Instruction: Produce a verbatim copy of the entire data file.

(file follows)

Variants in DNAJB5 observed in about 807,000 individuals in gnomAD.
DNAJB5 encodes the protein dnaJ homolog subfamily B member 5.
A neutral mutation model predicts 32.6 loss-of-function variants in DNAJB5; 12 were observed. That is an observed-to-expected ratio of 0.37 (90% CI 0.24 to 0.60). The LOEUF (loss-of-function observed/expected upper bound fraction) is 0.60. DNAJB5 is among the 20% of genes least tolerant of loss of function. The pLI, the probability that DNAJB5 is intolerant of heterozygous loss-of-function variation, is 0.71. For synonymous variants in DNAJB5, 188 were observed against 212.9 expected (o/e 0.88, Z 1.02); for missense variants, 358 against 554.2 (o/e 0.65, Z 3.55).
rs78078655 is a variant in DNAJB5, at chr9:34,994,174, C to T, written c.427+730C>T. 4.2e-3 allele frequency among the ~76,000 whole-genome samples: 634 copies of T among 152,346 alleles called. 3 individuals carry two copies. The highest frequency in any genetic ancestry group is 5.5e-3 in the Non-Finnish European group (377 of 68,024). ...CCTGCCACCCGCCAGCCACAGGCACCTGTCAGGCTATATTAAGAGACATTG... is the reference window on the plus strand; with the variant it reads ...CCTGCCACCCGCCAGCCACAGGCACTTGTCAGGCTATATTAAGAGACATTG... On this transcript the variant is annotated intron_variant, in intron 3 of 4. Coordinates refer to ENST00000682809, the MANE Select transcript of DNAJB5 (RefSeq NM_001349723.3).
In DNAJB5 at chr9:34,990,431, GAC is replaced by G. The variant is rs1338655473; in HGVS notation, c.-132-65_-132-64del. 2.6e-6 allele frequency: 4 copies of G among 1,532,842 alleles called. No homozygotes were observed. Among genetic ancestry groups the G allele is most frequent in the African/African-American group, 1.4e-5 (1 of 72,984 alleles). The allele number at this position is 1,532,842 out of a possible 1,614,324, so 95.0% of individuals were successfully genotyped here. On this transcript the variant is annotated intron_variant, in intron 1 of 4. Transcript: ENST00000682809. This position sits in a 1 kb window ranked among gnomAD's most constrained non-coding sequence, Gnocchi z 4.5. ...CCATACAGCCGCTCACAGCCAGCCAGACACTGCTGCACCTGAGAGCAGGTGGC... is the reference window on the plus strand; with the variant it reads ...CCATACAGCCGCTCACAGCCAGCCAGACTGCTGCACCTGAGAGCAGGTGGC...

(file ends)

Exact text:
Variants in DNAJB5 observed in about 807,000 individuals in gnomAD.
DNAJB5 encodes the protein dnaJ homolog subfamily B member 5.
A neutral mutation model predicts 32.6 loss-of-function variants in DNAJB5; 12 were observed. That is an observed-to-expected ratio of 0.37 (90% CI 0.24 to 0.60). The LOEUF (loss-of-function observed/expected upper bound fraction) is 0.60. DNAJB5 is among the 20% of genes least tolerant of loss of function. The pLI, the probability that DNAJB5 is intolerant of heterozygous loss-of-function variation, is 0.71. For synonymous variants in DNAJB5, 188 were observed against 212.9 expected (o/e 0.88, Z 1.02); for missense variants, 358 against 554.2 (o/e 0.65, Z 3.55).
rs78078655 is a variant in DNAJB5, at chr9:34,994,174, C to T, written c.427+730C>T. 4.2e-3 allele frequency among the ~76,000 whole-genome samples: 634 copies of T among 152,346 alleles called. 3 individuals carry two copies. The highest frequency in any genetic ancestry group is 5.5e-3 in the Non-Finnish European group (377 of 68,024). ...CCTGCCACCCGCCAGCCACAGGCACCTGTCAGGCTATATTAAGAGACATTG... is the reference window on the plus strand; with the variant it reads ...CCTGCCACCCGCCAGCCACAGGCACTTGTCAGGCTATATTAAGAGACATTG... On this transcript the variant is annotated intron_variant, in intron 3 of 4. Coordinates refer to ENST00000682809, the MANE Select transcript of DNAJB5 (RefSeq NM_001349723.3).
In DNAJB5 at chr9:34,990,431, GAC is replaced by G. The variant is rs1338655473; in HGVS notation, c.-132-65_-132-64del. 2.6e-6 allele frequency: 4 copies of G among 1,532,842 alleles called. No homozygotes were observed. Among genetic ancestry groups the G allele is most frequent in the African/African-American group, 1.4e-5 (1 of 72,984 alleles). The allele number at this position is 1,532,842 out of a possible 1,614,324, so 95.0% of individuals were successfully genotyped here. On this transcript the variant is annotated intron_variant, in intron 1 of 4. Transcript: ENST00000682809. This position sits in a 1 kb window ranked among gnomAD's most constrained non-coding sequence, Gnocchi z 4.5. ...CCATACAGCCGCTCACAGCCAGCCAGACACTGCTGCACCTGAGAGCAGGTGGC... is the reference window on the plus strand; with the variant it reads ...CCATACAGCCGCTCACAGCCAGCCAGACTGCTGCACCTGAGAGCAGGTGGC...